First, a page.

Louisa May Alcott was an American novelist and poet best known as the author of the novel Little Women and its sequels Little Men and Jo's Boys . Raised by her transcendentalist parents, Abigail May and Amos Bronson Alcott in New England, she also grew up among many of the well-known intellectuals of the day such as Ralph Waldo Emerson, Nathaniel Hawthorne, and Henry David Thoreau.
Dame Cicely Isabel Fairfield DBE , known as Rebecca West, or Dame Rebecca West, was a British author, journalist, literary critic and travel writer. An author who wrote in many genres, West reviewed books for The Times, the New York Herald Tribune, the Sunday Telegraph, and the New Republic, and she was a correspondent for The Bookman. Her major works include Black Lamb and Grey Falcon , on the history and culture of Yugoslavia; A Train of Powder , her coverage of the Nuremberg trials, published originally in The New Yorker; The Meaning of Treason, later The New Meaning of Treason, a study of the trial of the British Fascist William Joyce and others; The Return of the Soldier, a modernist World War I novel; and the "Aubrey trilogy" of autobiographical novels, The Fountain Overflows, This Real Night, and Cousin Rosamund. Time called her "indisputably the world's number one woman writer" in 1947. She was made CBE in 1949, and DBE in 1959, in each case, the citation reads: "writer and literary critic". She took the pseudonym "Rebecca West" from the rebellious young heroine in Rosmersholm by Henrik Ibsen.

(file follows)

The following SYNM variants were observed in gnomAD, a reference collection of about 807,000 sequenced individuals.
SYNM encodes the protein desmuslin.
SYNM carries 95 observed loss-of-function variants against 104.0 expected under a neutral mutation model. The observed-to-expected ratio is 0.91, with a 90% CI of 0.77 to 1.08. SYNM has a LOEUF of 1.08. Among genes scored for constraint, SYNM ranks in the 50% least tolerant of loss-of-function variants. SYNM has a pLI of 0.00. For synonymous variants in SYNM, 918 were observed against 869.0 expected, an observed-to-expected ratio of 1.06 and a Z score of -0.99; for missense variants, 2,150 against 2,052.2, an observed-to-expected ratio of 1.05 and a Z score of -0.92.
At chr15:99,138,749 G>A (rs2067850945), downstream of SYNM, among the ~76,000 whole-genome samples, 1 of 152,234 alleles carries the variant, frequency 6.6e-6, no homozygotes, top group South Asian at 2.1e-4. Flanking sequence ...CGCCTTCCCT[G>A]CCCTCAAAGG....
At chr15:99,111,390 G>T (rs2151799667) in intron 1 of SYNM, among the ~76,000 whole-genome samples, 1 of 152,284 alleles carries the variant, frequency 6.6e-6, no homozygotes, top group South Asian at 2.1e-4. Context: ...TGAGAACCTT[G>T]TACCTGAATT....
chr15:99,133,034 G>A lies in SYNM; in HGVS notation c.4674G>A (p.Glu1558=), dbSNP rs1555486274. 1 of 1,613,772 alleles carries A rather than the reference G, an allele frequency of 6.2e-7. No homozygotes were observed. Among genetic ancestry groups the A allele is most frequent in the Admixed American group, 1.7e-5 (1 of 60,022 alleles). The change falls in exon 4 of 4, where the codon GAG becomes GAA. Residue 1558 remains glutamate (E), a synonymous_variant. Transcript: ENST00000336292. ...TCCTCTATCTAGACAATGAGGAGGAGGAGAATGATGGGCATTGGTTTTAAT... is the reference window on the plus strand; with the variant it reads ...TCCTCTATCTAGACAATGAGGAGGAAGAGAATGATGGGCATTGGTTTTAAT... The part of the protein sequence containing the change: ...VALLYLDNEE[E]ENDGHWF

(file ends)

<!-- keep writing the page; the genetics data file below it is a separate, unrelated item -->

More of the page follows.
Diana Nyad /ˈnaɪˌæd/ is an American author, journalist, motivational speaker, and long-distance swimmer. Nyad gained national attention in 1975 when she swam around Manhattan and in 1979 when she swam from North Bimini, The Bahamas, to Juno Beach, Florida . In 2013, on her fifth attempt and at age 64, she became the first person confirmed to swim from Cuba to Florida without the aid of a shark cage, swimming from Havana to Key West . Nyad was also once ranked thirteenth among US women squash players.